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Mid-America Hunting Association
Missouri spring turkey season topics as reported by many new to their Association.
Many cite Missouri’s high harvest rates. Their belief is with as many wild turkeys as there are chances of success are greatest in Missouri than in other states. Our approach to Missouri spring turkey season is different from “playing odds”. Our success is each hunter has access to multiple flocks. If one does not work due to pressure or mistakes then move onto another. A case of covering ground to find what is sought rather then just have one spot hoping luck comes along.
Missouri spring turkey season is as good as it is due to large concentrations of wild turkeys. A seemingly simple statement. Examining why turkey populations exist to high numbers within Missouri lends to a better spring season hunt.
Missouri turkey wealth is due to several environmental limiting factors. Far more than I can accurately describe from many turkey biology based studies read, turkey hunting or behavior seminars attended. However, one of two key environmental factors specific to Missouri spring turkey season being well accepted are chick in egg reproduction is enhanced or degraded by humidity far more so than any other condition. Missouri’s geographic location it turns out has optimum humidity combined with average temperatures enhancing a high hatch potential.
One facet why humidity makes so much sense to us locals is nearby localities of large cattle feed lots. Ones which hold thousands of animals, are much further west by several hundred miles. Any farther east, feed lots are small to infrequent. A main reason is further west humidity is low enhancing cattle health when confined in large numbers in a small space. Largely low humidity prevents hoof/leg problems associated with wet ground. A region of low humidity that allows these large cattle yards is where Eastern Turkey range drops off with Rio Grande Turkey range increasing. Contrasting, Rio’s do not survive reproduction in Missouri. This difference is due to Missouri’s humidity – temperature combination which supports Easterns so well prevents Rio Grande reproduction.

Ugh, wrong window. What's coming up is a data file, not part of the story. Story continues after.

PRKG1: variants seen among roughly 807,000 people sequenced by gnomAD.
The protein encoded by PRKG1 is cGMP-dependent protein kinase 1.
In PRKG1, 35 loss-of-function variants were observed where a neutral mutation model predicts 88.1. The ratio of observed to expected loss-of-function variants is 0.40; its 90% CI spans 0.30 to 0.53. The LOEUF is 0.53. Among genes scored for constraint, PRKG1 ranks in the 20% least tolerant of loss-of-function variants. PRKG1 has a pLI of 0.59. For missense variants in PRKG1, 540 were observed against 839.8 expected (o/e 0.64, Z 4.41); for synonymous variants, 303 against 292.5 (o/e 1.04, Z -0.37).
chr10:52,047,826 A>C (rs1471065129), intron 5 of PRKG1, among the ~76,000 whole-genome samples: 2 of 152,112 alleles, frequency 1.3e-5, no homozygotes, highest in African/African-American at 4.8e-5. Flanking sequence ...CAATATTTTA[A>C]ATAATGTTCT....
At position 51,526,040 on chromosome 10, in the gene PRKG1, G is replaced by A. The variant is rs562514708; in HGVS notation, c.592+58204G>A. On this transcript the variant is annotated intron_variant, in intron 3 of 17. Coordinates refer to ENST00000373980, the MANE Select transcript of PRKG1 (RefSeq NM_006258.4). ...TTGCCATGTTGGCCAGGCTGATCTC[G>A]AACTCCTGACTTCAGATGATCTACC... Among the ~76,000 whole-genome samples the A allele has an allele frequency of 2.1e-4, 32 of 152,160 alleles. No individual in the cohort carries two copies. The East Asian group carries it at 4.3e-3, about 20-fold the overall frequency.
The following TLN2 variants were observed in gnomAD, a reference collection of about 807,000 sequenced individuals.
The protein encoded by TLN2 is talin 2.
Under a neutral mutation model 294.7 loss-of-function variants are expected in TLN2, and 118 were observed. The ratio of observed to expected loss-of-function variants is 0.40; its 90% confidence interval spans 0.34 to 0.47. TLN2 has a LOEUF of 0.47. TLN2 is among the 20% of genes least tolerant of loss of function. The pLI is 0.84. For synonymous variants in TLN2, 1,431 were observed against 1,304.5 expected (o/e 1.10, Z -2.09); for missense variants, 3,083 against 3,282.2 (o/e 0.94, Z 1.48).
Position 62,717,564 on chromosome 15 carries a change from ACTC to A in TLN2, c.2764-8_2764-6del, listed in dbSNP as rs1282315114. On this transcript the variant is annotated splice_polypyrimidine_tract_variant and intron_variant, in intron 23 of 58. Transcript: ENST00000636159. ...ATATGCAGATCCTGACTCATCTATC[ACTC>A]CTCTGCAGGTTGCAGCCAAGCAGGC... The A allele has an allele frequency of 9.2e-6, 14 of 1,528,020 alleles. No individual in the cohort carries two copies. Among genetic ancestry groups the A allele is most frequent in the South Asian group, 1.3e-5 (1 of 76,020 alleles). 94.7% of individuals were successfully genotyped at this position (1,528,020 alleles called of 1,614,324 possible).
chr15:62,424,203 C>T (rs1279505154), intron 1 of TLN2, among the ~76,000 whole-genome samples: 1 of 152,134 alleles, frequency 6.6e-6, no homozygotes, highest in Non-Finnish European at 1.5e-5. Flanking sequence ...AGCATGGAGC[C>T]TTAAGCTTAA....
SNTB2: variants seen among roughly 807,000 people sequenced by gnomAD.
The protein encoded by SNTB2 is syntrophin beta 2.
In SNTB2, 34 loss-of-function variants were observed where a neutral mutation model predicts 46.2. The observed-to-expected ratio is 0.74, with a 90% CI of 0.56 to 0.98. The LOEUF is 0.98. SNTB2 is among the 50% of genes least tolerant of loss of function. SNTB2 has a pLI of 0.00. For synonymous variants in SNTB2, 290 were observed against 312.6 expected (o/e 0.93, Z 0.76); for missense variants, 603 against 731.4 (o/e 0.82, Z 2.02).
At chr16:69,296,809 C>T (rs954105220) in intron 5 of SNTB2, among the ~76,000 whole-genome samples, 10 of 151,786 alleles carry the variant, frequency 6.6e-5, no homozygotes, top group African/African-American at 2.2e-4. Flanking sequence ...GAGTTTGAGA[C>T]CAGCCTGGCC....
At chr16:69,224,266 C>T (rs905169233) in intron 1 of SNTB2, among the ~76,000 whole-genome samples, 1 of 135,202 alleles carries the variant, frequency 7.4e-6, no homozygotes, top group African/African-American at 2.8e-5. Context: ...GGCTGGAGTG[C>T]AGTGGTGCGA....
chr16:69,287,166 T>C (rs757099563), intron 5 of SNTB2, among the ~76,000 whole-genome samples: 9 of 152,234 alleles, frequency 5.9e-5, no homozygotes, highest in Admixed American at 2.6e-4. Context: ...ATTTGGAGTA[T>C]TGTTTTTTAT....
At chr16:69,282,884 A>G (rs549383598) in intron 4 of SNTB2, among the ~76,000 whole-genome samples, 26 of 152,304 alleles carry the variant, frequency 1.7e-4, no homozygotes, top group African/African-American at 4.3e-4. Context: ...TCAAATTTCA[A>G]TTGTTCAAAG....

A description that any animal has optimized conditions allowing enhanced survival/reproduction. Other areas of less quality conditions are limiting factors of why one area has one type of animal while another region does not. About turkeys it is all chick in egg reproduction factors.
Knowing what those conditions may be with their effects simply makes us understand why Missouri is as good as it is to Eastern’s to why Rio Grande’s exist where they do.
A second factor is Missouri’s mild winters do not stress hens with cold temperatures or snowfall as occurs in other locations. Mild winters allows more effective winter food forage due a lack of snow cover. A factor which further contributes to in-egg hatch potential by allowing higher year round survival of more yearling hens to reproduction maturity. A turkey survival effect continues further with hens being physically stronger after winter allowing enhanced egg reproduction potential in terms of higher number combined with increased egg strength. Simply more food, less severe environmental conditions, most notably weather effects, makes for strong adult hens that produce strong offspring.
Non-resident self guided hunters often express:
They report harvested turkeys being of heavier body weight. A tom typically weighs between 22 to 27 pounds. Or, on average more than any tom they have earlier harvested in their home state.
A chance for a “trophy” tom, or a refinement of a hunter’s experience, is one more attraction. All resulting from high egg hatch rates from strong hens makes Missouri spring turkey season as good as it. Making good scoring toms by weight, beard or spur.
Same tom at right and below.
While live turkey pictures show a lot with text adding context.
Open range Easterns without big timber. A not so small point about agricultural land hunting. This is often a new experience for many.
These turkeys are in a bean stubble field before it was worked to plant. Pictures were taken early April. What seems like barren ground is flock attracting. Showing live wild turkey pictures on such land does much to illustrate preferred habitat. Or, flocks spend more time in grain fields than under trees. If it were not for many traveling hunters who read our web site or call us we would not overstate this point throughout our discussions. Reality has shown us to get it across multiple times as a majority of Association hunters travel in from out-of-state. Often from big woods states. Often those not prepared to maneuver grain farmland.
We will never claim to be experts. We simply enjoy spring turkey season. We make it as much of a study as we can so as to enjoy our hunt more.